Still, there are two pieces of simple data not premised on econometric modelling, which should make one suspicious of the effectiveness of the latest round of QE. Since the BoE’s first round of stimulus back in 2009, bank reserves are up 58%. Yet lending has barely risen, up a paltry 0.2%. If ever QE did work, it was never reflected in increased lending to businesses.

This opinion is not limited to the blogosphere. Spencer Dale, the BoE chief economist is sceptical of another dose of QE, voting against the latest £50bn injection citing that the “conditions are not right” for more printing. Indeed the MPC was divided on the issue, with several key figures voting against the measure.

Two things can be gleaned from this. Firstly, that like everyone else, the BoE does not know what the correct course of action is to avert recession. Secondly, without confidence, banks will not lend to businesses no matter how much cash they are given.

The banks, fragile and anxious, borrow cheaply from the UK government; the UK government, delicate and nervous, receives cheap financing from the banks. The analogy of two drunks being propped up by one another is depressingly apt.

Osborne and Hester?
Stop Wheezing, start fracking

Fracking is the bane of environmentalists everywhere; it could be a boon for the UK’s economy and energy mix. Regulation prevents effective exploration of this lucrative market. It should go ahead with vigour. If the country is serious about rebalancing the economy, then this high tech engineering industry cannot be neglected.

Shale gas exploration could cause pollution, it may underwhelm, most importantly; it may fail to spur the economy.

Still, fortunately for your correspondent, the counterfactual, of how awful things would have been without such bold measures, can always be used in defence.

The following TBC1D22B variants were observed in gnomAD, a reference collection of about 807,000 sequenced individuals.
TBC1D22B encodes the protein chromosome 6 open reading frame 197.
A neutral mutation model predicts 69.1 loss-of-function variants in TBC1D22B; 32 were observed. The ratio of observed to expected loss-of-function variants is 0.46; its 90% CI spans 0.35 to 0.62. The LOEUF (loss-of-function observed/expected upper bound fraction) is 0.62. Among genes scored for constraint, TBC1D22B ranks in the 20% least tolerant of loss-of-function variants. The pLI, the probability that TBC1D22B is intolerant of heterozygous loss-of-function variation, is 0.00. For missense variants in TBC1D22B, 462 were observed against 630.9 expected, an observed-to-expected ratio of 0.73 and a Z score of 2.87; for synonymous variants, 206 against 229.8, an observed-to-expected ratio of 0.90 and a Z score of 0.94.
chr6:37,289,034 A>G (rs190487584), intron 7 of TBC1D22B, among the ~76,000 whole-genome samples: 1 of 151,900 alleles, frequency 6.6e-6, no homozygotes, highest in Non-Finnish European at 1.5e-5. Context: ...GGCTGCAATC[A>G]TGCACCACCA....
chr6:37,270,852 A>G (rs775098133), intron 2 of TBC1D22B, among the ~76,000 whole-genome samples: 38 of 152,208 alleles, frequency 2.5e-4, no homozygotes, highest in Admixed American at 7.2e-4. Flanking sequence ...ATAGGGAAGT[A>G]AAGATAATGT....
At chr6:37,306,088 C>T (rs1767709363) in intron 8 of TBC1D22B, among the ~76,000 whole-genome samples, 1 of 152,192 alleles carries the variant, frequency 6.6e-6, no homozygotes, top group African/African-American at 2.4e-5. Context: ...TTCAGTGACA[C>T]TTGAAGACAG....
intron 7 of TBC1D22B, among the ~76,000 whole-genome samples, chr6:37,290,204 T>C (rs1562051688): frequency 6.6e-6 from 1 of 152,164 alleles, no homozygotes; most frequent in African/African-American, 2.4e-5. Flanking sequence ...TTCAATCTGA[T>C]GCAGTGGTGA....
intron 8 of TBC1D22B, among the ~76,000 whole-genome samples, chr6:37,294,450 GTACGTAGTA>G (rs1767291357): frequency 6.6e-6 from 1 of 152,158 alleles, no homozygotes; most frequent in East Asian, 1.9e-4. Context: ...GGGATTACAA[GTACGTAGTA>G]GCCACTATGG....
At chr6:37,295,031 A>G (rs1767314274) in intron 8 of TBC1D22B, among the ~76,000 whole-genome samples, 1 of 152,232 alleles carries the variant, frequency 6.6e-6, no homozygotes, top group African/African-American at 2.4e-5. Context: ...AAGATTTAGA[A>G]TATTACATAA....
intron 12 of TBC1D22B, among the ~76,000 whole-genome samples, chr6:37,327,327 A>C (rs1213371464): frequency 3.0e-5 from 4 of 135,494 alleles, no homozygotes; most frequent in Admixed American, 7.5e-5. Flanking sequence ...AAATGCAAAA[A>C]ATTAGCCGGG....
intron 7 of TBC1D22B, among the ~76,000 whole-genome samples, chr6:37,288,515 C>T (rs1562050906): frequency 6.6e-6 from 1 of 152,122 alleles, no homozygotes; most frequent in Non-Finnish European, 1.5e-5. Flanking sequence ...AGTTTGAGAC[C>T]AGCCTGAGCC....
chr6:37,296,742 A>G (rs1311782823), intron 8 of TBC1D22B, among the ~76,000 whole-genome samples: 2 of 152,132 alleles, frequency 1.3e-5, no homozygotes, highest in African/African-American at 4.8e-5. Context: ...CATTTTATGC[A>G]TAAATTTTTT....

Monday, 16 July 2012

Liberal Arts and the Art of Business

A new book by Philip Delves Broughton emphasises the simple logic of Peter Drucker

One sale leads to another
Today’s business world can seem focused on the minutiae, blindly pursuing seemingly important deadlines whilst missing the bigger picture. In many ways Drucker’s career was about bringing humanity and simplicity into the realm of management science. According to the great guru there are only ever two important aspects to business: innovation and sales. The rest is mere detail.

While the first of these is positively revered; the latter is often sniffed at. Broughton’s book, life’s a pitch, tries to fight for a noble view of the salesman. In a fashion reminiscent of Drucker, the author opts for engaging anecdotes rather than facts. Broughton draws on history and psychology to explain management puzzles in place of cold empiricism.

A young Drucker, attending a conference at Cambridge University delivered by the eminent economist John Maynard Keynes, quickly recognised he didn’t fit in with conventional thought.  “I suddenly realized that Keynes and all the brilliant economic students in the room were interested in the behaviour of commodities,” writes Drucker, “while I was interested in the behaviour of people.”